The green card lottery is the unofficial name for an annual computerized "drawing" that randomly selects approximately 50,000 hopeful immigrants. Those whose names are drawn are granted visas to the United States.
While the immigration process can be lengthy and complicated, the green card lottery is exactly what is sounds like -- a lottery. If someone has a high school education, passes a background check and does not reside in a country with a high immigration rate (such as Mexico and India), they can put their name in the lottery, cross their fingers and hope for a green card.
The chances of winning the green card lottery seem similar to the chances of winning the actual lottery. The International Business Times reports that each year, up to 15 million people submit their names, hoping to win a visa. Of those, approximately 50,000 are drawn.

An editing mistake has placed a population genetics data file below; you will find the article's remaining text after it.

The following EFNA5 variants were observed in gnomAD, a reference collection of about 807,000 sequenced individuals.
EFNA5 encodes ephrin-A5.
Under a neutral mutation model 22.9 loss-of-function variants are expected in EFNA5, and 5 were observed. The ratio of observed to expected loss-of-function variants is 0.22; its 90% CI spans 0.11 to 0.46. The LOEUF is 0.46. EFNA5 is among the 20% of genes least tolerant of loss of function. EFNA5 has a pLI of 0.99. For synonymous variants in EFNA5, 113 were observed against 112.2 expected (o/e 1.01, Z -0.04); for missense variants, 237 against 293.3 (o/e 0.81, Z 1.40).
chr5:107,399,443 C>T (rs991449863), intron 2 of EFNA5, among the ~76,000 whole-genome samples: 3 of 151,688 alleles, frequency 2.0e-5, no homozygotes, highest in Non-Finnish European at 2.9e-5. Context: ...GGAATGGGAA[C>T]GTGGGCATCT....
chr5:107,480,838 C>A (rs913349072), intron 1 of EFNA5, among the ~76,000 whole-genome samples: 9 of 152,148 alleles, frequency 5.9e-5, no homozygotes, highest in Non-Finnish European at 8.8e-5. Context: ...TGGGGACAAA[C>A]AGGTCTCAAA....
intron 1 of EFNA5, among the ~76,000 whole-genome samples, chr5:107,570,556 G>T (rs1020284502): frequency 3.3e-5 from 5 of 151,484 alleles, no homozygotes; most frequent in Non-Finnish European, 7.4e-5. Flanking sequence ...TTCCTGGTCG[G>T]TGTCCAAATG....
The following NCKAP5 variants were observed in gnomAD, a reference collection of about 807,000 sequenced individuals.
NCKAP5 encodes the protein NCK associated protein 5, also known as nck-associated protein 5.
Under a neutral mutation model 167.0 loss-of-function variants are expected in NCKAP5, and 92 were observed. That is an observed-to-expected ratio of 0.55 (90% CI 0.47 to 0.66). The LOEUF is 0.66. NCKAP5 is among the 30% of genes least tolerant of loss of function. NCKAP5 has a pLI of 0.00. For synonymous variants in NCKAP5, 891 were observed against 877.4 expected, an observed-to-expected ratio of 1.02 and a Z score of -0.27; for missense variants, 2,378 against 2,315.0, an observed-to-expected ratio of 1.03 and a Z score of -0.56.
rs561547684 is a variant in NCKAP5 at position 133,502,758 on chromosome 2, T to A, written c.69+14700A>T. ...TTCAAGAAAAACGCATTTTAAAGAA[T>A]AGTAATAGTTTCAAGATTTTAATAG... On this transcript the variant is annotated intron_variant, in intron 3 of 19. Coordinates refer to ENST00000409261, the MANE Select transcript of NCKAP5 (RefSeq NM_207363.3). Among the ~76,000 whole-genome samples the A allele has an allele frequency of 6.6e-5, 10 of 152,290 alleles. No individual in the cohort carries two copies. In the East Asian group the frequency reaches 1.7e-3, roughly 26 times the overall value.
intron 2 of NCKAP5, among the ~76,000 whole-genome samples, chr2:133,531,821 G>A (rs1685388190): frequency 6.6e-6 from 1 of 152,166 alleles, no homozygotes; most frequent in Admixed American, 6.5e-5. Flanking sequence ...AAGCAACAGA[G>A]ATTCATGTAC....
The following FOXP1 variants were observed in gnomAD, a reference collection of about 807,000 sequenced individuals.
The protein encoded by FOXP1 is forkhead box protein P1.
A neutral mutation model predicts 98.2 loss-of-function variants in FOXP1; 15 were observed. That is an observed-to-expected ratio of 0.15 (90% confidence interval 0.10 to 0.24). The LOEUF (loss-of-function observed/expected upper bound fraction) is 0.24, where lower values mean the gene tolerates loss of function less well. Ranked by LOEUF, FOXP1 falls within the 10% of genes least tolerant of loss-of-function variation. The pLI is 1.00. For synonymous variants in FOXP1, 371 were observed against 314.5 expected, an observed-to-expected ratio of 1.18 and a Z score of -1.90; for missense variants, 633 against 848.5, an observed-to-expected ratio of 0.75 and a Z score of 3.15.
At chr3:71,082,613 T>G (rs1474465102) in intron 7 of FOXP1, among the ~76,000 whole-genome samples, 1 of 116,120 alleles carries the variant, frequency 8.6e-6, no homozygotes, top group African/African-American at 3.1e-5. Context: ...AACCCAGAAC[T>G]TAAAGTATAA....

This year, things went wrong with the lottery drawing, leaving many immigrants in a difficult (and very disappointing) position. In May, 22,000 names were drawn. But 12 days later, those 22,000 happy winners were sorely disappointed when the State Department notified them that there was a computer glitch and the results were void.
The (no longer) winners filed a class action lawsuit in federal court, requesting the original green card lottery winners remain the winners and that the judge block the new green card lottery drawing. Yesterday, the judge dismissed the case and the drawing will take place today.
Unfortunately for those drawn, the original lottery was unfair because it favored applicants whose names were entered into the computer during the first two days of the 30 day application period.
So today, all 15 million applicants have a shot at winning a Visa again. Let's hope the State Department doesn't have another issue with the green card lottery the second time around.
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